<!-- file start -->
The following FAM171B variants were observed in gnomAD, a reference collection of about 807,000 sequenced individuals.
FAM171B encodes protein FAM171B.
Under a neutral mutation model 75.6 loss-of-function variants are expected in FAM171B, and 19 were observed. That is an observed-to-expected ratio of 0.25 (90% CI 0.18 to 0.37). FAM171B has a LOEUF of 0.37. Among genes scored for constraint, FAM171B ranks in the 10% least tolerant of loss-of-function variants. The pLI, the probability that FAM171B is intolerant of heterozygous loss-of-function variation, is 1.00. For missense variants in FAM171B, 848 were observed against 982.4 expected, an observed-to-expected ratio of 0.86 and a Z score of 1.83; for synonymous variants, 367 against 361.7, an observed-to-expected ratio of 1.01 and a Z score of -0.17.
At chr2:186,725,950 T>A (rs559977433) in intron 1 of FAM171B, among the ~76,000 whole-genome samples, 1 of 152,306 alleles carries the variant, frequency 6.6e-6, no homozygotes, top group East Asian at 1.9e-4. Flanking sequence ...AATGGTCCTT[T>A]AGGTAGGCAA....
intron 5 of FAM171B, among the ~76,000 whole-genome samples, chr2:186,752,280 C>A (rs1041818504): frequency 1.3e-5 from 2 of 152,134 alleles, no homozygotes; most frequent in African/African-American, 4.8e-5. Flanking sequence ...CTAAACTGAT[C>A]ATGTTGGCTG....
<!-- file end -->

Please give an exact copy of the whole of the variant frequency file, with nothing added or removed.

The following FAM171B variants were observed in gnomAD, a reference collection of about 807,000 sequenced individuals.
FAM171B encodes protein FAM171B.
Under a neutral mutation model 75.6 loss-of-function variants are expected in FAM171B, and 19 were observed. That is an observed-to-expected ratio of 0.25 (90% CI 0.18 to 0.37). FAM171B has a LOEUF of 0.37. Among genes scored for constraint, FAM171B ranks in the 10% least tolerant of loss-of-function variants. The pLI, the probability that FAM171B is intolerant of heterozygous loss-of-function variation, is 1.00. For missense variants in FAM171B, 848 were observed against 982.4 expected, an observed-to-expected ratio of 0.86 and a Z score of 1.83; for synonymous variants, 367 against 361.7, an observed-to-expected ratio of 1.01 and a Z score of -0.17.
At chr2:186,725,950 T>A (rs559977433) in intron 1 of FAM171B, among the ~76,000 whole-genome samples, 1 of 152,306 alleles carries the variant, frequency 6.6e-6, no homozygotes, top group East Asian at 1.9e-4. Flanking sequence ...AATGGTCCTT[T>A]AGGTAGGCAA....
intron 5 of FAM171B, among the ~76,000 whole-genome samples, chr2:186,752,280 C>A (rs1041818504): frequency 1.3e-5 from 2 of 152,134 alleles, no homozygotes; most frequent in African/African-American, 4.8e-5. Flanking sequence ...CTAAACTGAT[C>A]ATGTTGGCTG....